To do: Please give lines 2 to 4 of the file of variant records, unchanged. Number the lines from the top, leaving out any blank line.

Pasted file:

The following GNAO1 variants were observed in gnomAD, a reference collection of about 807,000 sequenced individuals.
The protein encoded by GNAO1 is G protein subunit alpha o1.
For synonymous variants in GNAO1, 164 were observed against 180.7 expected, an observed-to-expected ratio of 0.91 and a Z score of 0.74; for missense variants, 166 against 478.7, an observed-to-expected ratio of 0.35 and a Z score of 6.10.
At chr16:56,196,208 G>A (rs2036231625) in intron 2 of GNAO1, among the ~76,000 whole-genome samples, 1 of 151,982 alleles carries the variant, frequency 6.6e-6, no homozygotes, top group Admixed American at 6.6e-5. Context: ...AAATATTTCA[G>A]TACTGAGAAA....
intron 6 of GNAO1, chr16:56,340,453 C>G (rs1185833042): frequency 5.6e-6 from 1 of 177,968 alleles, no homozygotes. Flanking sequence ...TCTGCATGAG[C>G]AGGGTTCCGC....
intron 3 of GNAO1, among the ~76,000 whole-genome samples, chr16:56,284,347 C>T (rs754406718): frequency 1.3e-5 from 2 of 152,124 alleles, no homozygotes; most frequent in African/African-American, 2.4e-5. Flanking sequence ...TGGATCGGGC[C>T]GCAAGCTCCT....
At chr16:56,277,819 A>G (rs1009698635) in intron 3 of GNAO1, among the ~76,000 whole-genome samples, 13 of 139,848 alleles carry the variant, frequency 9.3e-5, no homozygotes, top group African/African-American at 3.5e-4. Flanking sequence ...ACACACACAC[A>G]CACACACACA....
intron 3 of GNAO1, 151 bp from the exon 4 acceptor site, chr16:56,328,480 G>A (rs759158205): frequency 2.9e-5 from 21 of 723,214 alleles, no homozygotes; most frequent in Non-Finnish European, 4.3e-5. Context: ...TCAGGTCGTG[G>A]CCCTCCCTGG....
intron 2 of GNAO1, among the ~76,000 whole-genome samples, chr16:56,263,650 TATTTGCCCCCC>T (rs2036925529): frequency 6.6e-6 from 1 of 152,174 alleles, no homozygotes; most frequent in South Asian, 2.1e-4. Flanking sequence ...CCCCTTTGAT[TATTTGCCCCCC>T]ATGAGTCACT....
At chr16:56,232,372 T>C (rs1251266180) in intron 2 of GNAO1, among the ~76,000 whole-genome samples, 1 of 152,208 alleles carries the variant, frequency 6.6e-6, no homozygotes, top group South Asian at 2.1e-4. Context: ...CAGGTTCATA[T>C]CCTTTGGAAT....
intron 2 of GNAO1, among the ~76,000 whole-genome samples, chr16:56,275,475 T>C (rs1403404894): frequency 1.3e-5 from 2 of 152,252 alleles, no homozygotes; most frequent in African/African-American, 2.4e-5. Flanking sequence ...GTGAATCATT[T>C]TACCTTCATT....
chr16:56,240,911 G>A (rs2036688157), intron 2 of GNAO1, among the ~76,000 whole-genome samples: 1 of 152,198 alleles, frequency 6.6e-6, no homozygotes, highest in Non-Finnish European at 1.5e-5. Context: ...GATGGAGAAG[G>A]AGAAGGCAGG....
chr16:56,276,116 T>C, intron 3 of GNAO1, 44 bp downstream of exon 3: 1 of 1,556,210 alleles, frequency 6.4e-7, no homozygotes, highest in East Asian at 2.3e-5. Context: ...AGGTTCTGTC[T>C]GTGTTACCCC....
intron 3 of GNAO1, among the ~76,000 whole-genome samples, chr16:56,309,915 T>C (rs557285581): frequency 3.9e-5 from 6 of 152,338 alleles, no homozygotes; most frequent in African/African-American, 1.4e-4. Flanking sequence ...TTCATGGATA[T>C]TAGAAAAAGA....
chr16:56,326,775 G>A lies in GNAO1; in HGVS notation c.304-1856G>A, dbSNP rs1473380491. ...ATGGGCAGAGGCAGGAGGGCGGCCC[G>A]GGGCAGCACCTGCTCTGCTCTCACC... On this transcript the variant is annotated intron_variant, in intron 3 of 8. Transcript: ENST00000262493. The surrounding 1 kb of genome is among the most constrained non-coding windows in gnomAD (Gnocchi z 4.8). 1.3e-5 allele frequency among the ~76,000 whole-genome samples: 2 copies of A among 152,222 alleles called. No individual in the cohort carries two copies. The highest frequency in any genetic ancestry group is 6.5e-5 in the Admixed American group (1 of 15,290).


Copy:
The protein encoded by GNAO1 is G protein subunit alpha o1.
For synonymous variants in GNAO1, 164 were observed against 180.7 expected, an observed-to-expected ratio of 0.91 and a Z score of 0.74; for missense variants, 166 against 478.7, an observed-to-expected ratio of 0.35 and a Z score of 6.10.
At chr16:56,196,208 G>A (rs2036231625) in intron 2 of GNAO1, among the ~76,000 whole-genome samples, 1 of 151,982 alleles carries the variant, frequency 6.6e-6, no homozygotes, top group Admixed American at 6.6e-5. Context: ...AAATATTTCA[G>A]TACTGAGAAA....